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Federal class-action lawsuit filed against Bay Boys "surfer gang"

The notoriously territorial and aggressive group of surfers that dominate Lunada Bay known as the Bay Boys came under fire this week when two surfers filed a federal class-action lawsuit against them. The suit argues that the Bay Boys are a criminal street gang, and seeks a gang injunction based on grounds that the group is known to "confront, threaten to kill, assault, vandalize property, extort, and bring harm to other persons" and that they "uses the unpermitted Rock Fort [a seating area purportedly constructed and maintained by the Bay Boys in Lunada Bay] to conduct criminal activity."

Lunada Bay is a famous surf spot, known as "Southern California's premier big-wave break," according to the complaint. However, it also is one of the most infamous areas for localism, meaning local and resident surfers use intimidation tactics to keep out all outsiders. This group of local surfers, known as the Lunada Bay Boys ("Bay Boys") has a long history of supposed violence and aggression towards outsiders. This is the third civil-rights lawsuit filed against the Bay Boys since 1995. In 1996, a member of the Bay Boys paid $15,000 in damages to a victim and in 2002 another victim won an undisclosed settlement from a Bay Boy.

Local law enforcement have charged various Bay Boys members with criminal assault, but this federal class-action suit may be the first of its kind. If certified as a class-action, anyone who claims to be a victim of harassment at the hands of the Bay Boys over the years could join as plaintiffs. The suit was filed by El Segundo Police Officer Cory Spencer along with surfer Diana Milena Reed, who both claim to have been verbally and physically attacked by the Bay Boys. Spencer, along with other surfers, became accustomed to paying a security guard $100 to protect their vehicles from vandalism while they surfed and one of the Bay Boys once intentionally collided with Spencer in the water, slicing open Spencer's hand.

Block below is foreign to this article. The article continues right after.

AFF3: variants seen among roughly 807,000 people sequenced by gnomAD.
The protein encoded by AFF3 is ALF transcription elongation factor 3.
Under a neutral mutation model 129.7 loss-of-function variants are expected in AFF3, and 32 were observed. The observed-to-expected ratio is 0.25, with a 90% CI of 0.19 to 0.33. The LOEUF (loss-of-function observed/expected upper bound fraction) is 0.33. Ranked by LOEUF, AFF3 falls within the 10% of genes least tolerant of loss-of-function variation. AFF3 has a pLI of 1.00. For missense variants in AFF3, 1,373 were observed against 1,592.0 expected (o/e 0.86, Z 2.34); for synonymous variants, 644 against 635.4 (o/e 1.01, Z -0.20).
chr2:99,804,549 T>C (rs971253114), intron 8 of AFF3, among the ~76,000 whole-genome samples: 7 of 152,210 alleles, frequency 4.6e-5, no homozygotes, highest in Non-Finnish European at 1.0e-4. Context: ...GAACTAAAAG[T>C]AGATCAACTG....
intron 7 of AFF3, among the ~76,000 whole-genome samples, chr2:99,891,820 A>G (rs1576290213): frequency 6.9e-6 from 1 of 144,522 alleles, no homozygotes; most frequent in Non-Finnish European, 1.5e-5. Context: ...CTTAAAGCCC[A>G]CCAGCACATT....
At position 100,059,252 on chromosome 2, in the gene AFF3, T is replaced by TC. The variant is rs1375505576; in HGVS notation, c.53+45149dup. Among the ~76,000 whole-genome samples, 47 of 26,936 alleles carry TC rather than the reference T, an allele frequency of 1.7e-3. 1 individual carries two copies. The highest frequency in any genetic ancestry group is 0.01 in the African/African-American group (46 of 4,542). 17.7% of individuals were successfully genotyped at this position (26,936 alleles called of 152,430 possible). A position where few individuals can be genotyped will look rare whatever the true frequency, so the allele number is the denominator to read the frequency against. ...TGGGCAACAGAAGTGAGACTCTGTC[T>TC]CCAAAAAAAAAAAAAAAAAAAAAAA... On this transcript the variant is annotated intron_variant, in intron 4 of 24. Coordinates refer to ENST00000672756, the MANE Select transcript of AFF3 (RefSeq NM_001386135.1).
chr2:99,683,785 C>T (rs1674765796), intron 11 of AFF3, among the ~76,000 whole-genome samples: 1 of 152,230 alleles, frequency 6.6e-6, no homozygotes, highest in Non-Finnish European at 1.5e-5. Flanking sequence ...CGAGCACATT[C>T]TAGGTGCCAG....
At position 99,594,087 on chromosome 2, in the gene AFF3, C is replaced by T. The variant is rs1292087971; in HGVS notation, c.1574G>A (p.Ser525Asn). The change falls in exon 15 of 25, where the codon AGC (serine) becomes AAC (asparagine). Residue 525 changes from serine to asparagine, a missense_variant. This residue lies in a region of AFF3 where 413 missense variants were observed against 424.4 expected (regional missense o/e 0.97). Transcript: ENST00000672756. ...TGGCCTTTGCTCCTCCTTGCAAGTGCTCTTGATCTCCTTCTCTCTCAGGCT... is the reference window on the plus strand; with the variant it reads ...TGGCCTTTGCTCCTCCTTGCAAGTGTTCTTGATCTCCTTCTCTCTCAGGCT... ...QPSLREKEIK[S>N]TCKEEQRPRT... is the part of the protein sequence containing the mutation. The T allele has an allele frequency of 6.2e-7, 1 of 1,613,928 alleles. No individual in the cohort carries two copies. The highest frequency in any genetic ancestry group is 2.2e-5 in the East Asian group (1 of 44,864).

On another occasion, plaintiff Reed went to Lunada Bay to watch a friend surf, where she was approached by two Bay Boys who told her that she was sexy and made suggestive gestures towards her. One shook up a can of beer and sprayed her while making explicit comments, and then exposed himself to her. Reed had requested a police escort to the beach earlier that day, but the police had refused.

Palos Verdes Estates is also named as a defendant in the suit. The plaintiffs allege that "by its policies, customs, and practices" Palos Verdes Estates has allowed the Bay Boys to exclude outsiders from enjoying the beach. Additionally, the suit names Palos Verdes Estates Chief of Police Jeff Kepley as a defendant, alleging that he failed to enforce California law in relation to the Bay Boys criminal activity.

Damages sought include general, special, and exemplary damages as well as a declaration of the Luanda Bay Boys as a criminal street gang. Furthermore, the plaintiffs seek an injunction against the Bay Boys from congregating as a group in the area. Several of the surfers named in the lawsuit have criminal records - two were allegedly involved in the September beating of a Lunada Bay liquor store owner, and another defendant pleaded not guilty last week to attacking a Mets fan at a Dodger Game and was also arrested for a bar fight in Florida last year.

Kepley promised to step up efforts in patrolling the Lunada Bay area and keeping an eye on the Bay Boys last year, however the Bay Boys' legacy has made it difficult to do so. The complaint calls for Palos Verdes Estates and Kepley to investigate all complaints against the Bay Boys and actually prosecute these complaints as appropriate.

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